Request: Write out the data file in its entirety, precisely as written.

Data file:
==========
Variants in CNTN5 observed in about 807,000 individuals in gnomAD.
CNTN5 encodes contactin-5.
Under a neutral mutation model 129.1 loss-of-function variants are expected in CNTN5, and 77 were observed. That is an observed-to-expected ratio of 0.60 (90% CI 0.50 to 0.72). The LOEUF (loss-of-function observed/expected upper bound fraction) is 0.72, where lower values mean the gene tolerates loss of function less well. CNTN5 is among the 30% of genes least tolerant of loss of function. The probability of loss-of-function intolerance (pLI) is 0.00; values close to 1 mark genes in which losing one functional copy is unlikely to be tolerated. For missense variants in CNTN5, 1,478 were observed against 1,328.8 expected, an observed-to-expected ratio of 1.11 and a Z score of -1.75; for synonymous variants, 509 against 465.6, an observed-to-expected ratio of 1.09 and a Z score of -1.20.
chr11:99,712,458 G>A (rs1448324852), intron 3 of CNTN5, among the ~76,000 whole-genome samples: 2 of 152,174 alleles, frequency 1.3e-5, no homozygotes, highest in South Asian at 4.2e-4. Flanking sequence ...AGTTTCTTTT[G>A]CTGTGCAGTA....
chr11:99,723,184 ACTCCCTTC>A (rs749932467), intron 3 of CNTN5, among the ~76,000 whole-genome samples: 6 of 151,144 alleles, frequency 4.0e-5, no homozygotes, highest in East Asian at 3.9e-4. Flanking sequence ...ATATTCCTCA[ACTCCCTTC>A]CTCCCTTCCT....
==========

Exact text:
Variants in CNTN5 observed in about 807,000 individuals in gnomAD.
CNTN5 encodes contactin-5.
Under a neutral mutation model 129.1 loss-of-function variants are expected in CNTN5, and 77 were observed. That is an observed-to-expected ratio of 0.60 (90% CI 0.50 to 0.72). The LOEUF (loss-of-function observed/expected upper bound fraction) is 0.72, where lower values mean the gene tolerates loss of function less well. CNTN5 is among the 30% of genes least tolerant of loss of function. The probability of loss-of-function intolerance (pLI) is 0.00; values close to 1 mark genes in which losing one functional copy is unlikely to be tolerated. For missense variants in CNTN5, 1,478 were observed against 1,328.8 expected, an observed-to-expected ratio of 1.11 and a Z score of -1.75; for synonymous variants, 509 against 465.6, an observed-to-expected ratio of 1.09 and a Z score of -1.20.
chr11:99,712,458 G>A (rs1448324852), intron 3 of CNTN5, among the ~76,000 whole-genome samples: 2 of 152,174 alleles, frequency 1.3e-5, no homozygotes, highest in South Asian at 4.2e-4. Flanking sequence ...AGTTTCTTTT[G>A]CTGTGCAGTA....
chr11:99,723,184 ACTCCCTTC>A (rs749932467), intron 3 of CNTN5, among the ~76,000 whole-genome samples: 6 of 151,144 alleles, frequency 4.0e-5, no homozygotes, highest in East Asian at 3.9e-4. Flanking sequence ...ATATTCCTCA[ACTCCCTTC>A]CTCCCTTCCT....